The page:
“They didn’t let him in and they didn’t let me out. And it took me four years before I was able to travel out to the United States. Because he said, you know, ‘How can we meet?’ And I said ‘It’s the Czechoslovak Constitution, I can marry whoever I want.’ But the reality was different, because my mother was telling me a story; our mayor in our village – she was a member of the Communist Party, she had to be – she was at a meeting in the regional city, Semily, and it was going into the second, third year already, you know, yes, no, papers… And she was telling them ‘Let her go already, Bruno is not a killer or whatever, he just left [Czechoslovakia, in 1951]. And they are waiting and all of these papers have no end. Just let them go!’ Because there were people who were telling us… I had to be very carefully about whom I was talking to about what was going on. Because they saw me, we were calling each other, we were writing – oh, the correspondence! We have boxes of letters which we were writing and we couldn’t meet, it was ridiculous!
“I was going to Prague to the Ministerstvo vnitra [Interior Ministry] and there I said ‘Prosím vás [I beg you], can I talk to somebody about my situation?’ And they said ‘Oh, okay, that lady over there, go to that door and blah, blah, blah. I went there and I was telling her the situation and she said ‘Is he a relative?’ And I said ‘No!’ And she said ‘Oh, then you cannot know…’ The question was why is he not allowed to come to Czechoslovakia, and she said ‘If you are not a relative, you cannot get that answer!’ I said ‘No! He cannot be my relative, I want to marry him!’ And she didn’t have answers, she just threw me out like dirty laundry. And I was in a few more offices where they recommended where I should go and ask. And I didn’t get an answer anywhere, and I went to the American Embassy and they said ‘You know what?’ Just like Bruno said, ‘marriage by proxy’ – na dálku, and I said ‘Oh my god! I don’t know anybody, I don’t know these lawyers, what do I do?’ Just, we were lost.”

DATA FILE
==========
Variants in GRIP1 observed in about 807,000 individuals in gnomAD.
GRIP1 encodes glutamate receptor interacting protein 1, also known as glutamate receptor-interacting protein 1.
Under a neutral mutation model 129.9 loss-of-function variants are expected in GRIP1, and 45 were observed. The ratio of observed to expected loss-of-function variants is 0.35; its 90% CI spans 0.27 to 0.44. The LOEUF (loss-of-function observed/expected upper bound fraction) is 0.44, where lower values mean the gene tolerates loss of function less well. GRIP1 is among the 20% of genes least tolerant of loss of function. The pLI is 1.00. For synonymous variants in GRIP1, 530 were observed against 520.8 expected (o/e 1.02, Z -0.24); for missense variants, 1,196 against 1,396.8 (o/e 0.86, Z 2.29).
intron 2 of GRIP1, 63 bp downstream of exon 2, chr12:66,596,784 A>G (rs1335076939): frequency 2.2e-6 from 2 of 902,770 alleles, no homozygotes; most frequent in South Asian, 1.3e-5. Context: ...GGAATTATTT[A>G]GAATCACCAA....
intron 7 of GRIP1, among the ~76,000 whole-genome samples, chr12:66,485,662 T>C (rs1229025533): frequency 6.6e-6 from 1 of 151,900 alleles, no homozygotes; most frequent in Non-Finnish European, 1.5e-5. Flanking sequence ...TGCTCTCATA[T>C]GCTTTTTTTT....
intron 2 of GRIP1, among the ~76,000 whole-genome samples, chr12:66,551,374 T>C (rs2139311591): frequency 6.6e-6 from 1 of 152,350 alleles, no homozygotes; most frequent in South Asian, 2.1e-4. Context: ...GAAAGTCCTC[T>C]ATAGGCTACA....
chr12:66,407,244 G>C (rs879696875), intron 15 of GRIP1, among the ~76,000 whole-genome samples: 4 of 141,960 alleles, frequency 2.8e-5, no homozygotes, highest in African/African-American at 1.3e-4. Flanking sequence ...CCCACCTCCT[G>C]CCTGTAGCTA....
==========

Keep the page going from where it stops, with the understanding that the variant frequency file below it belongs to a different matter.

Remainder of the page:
“When I went to the American Embassy I said ‘What are my chances,’ you know? And they said ‘You are like a seed in a strainer, stick to it – if you love him, stick to it and you will make it.’ But she said, there are many girls, they are just flocking here to get out of Czechoslovakia, just to marry foreigners and get out, and they don’t make it. They are not persistent, they don’t have it.”
New York to Cleveland
“Even from New York to Cleveland they turned us back. We had to go back to New York and I didn’t speak English. I said ‘What’s going on?’ And the lady next to me was Italian, she says ‘Motor kaput, motor kaput!’ I say ‘Oh my god! I will never make it to that city Cleveland!’ And he was waiting for me at the airport and I came out at midnight, all gates were already closed and there were a few of us coming from the airplane and we were so happy to be together, yeah it was nice.”
“There was always something missing in Czechoslovakia. One time it was garlic, the next time there were no oranges then, I don’t know, red wine. There was always something missing, and we had to learn in that system where to find the stuff. There were truckers going to Slovakia; they brought garlic and they were selling it among us like on the black market. And he made some money but we got our garlic or whatever we needed. There was no toilet paper. If we got toilet paper it was like sandpaper, and we said ‘no, oh!’ you know… And here it was such a contrast. I just couldn’t get over it. I was writing home letters after letters after letters explaining to my friends what I am experiencing. It was just unbelievable!”